Skip to comments.Episcopal Church at crossroads: Consecration of gay bishop may lead to breakup of church [FL]
Posted on 11/09/2006 6:27:09 PM PST by sionnsar
PINELLAS COUNTY - Politics isn't the only place where liberals and conservatives are at loggerheads. Changes that some say are long overdue and others say are self-destructive are driving wedges between Episcopal congregations right here in Pinellas County.
Long-simmering tensions came to a head in 2003, when New Hampshire Episcopalians consecrated a new bishop, Gene Robinson, who is openly gay. Liberal congregations hailed the consecration as a milestone of human equality, but conservative congregations viewed it as a symptom of a moral decay within the church.
"St. Dunstan's is part of the orthodox side of this argument," said the Rev. A. Edward Sellers, rector of the 340-member St. Dunstan's Church in Largo, which he describes as the only conservative Episcopal congregation in mid-Pinellas. "I think the church is too liberal and is headed for a major split, which will not be good for anybody."
The Rt. Rev. John Lipscomb, bishop of the diocese that includes Pinellas, is relatively conservative and has kept the diocese from becoming too liberal, Sellers said. But Lipscomb will soon retire and Sellers fears what might happen when his replacement is chosen.
"If they elect a liberal, revisionist bishop, we're in trouble," Sellers said. "The conservatives are going to have to leave. We're not going to sink with them."
In North Florida and in other states, liberal bishops tried to seize the property of breakaway parishes and nasty turf wars ensued, Sellers said. A California court ruled that the property belonged to the parish, not to the diocese, but that victory cost the congregation hundreds of thousands of dollars in legal fees, and Sellers isn't sure a Florida court would follow that precedent.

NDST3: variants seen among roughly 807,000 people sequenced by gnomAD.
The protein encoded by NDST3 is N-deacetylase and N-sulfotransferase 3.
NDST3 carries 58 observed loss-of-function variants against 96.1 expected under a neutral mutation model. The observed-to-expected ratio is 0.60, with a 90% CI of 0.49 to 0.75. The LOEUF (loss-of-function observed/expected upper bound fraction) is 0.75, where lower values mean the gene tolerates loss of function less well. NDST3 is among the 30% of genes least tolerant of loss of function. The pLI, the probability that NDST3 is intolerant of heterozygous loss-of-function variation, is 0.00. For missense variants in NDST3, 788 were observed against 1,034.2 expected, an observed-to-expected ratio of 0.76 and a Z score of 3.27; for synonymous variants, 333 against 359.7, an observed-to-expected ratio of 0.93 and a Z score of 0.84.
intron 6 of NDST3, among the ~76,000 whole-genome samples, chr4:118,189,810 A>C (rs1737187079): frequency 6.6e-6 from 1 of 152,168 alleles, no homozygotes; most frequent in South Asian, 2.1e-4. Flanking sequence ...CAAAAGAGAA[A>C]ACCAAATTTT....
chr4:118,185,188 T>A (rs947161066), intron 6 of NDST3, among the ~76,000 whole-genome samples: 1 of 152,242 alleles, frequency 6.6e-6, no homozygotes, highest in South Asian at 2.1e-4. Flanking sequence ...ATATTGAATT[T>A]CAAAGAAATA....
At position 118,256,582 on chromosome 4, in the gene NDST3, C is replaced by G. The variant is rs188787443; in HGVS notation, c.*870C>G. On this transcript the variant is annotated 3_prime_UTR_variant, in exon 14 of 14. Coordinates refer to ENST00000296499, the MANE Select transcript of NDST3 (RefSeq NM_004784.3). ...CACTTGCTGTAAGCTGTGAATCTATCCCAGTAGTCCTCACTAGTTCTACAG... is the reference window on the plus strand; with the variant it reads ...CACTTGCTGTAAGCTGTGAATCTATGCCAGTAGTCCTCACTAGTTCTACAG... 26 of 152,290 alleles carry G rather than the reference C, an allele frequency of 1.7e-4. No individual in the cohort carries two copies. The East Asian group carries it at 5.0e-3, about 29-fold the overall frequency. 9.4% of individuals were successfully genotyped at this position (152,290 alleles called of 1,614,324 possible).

Sellers said he has nothing against the ordination of celibate men with homosexual tendencies, but he feels that practicing gays like Robinson have no place in the Episcopal clergy. He added that the consecration of Robinson is just the latest and most flagrant of a series of things, like the ordination of women, which indicate that the church is abandoning its orthodox roots.
"If Bishop Robinson resigned today, there would still be a major schism in the church," Sellers said.
"I believe that both sides of this issue have made terrible mistakes" by moving too far to the left or the right, said the Rev. Robert (Father Bob) Wagenseil, rector of Calvary Episcopal Church in Indian Rocks Beach. He likened the current controversy to hot-button issues that Christian congregations have faced in years past.
"Even if you wanted a woman to be a priest 100 years ago, she couldn't have been one because the law prohibited women from signing contracts," he said. "And there was a lot of debate in the Christian community over whether slavery was something God liked or something God didn't like."
Wagenseil is opposed to Robinson's consecration, not because Robinson is gay but because Robinson's supporters pushed the consecration through in a confrontational manner that created unnecessary friction in a church that should be striving to maintain its unity. But he is non-committal on the larger question of whether gays should be Episcopal priests or bishops.
"Who am I to say what's possible with a God like ours?" he asked. "Culture plays a big role. One side says that the Bible says this is the way it is and it can't be changed. The other side says 'Get over it; times have changed.' And whether you're far to the right or far to the left, once you've decided that you're right, you've decided that everybody else is wrong."
Both Sellers and Wagenseil mentioned that there are many more religious denominations today than there were a couple of hundred years ago. Those denominations were formed by splinter groups disagreeing with the direction their mother church was taking and breaking away to form their own denomination.
Sellers believes it is virtually inevitable that conservative American congregations will break away from the Episcopal Church. Wagenseil, on the other hand, believes that the church can stay together if both sides will cool the extremist rhetoric and just sit down and talk with each other.
"I personally believe the ordination of practicing homosexual persons needs to be kept on the front burner," Wagenseil said, adding that there should be a moratorium on the consecration of new gay bishops in the meantime. "We need theological, sociological and psychological discussions about the consecration of gay bishops. The Episcopate must stand for unity, not division. What we must not do is act unilaterally."
there won't be anything to split. The conservative members will have long ago left, after getting tired of all the indecisive pussy-footing around.
Rest in peace, TEC, youve talked yourself to death.
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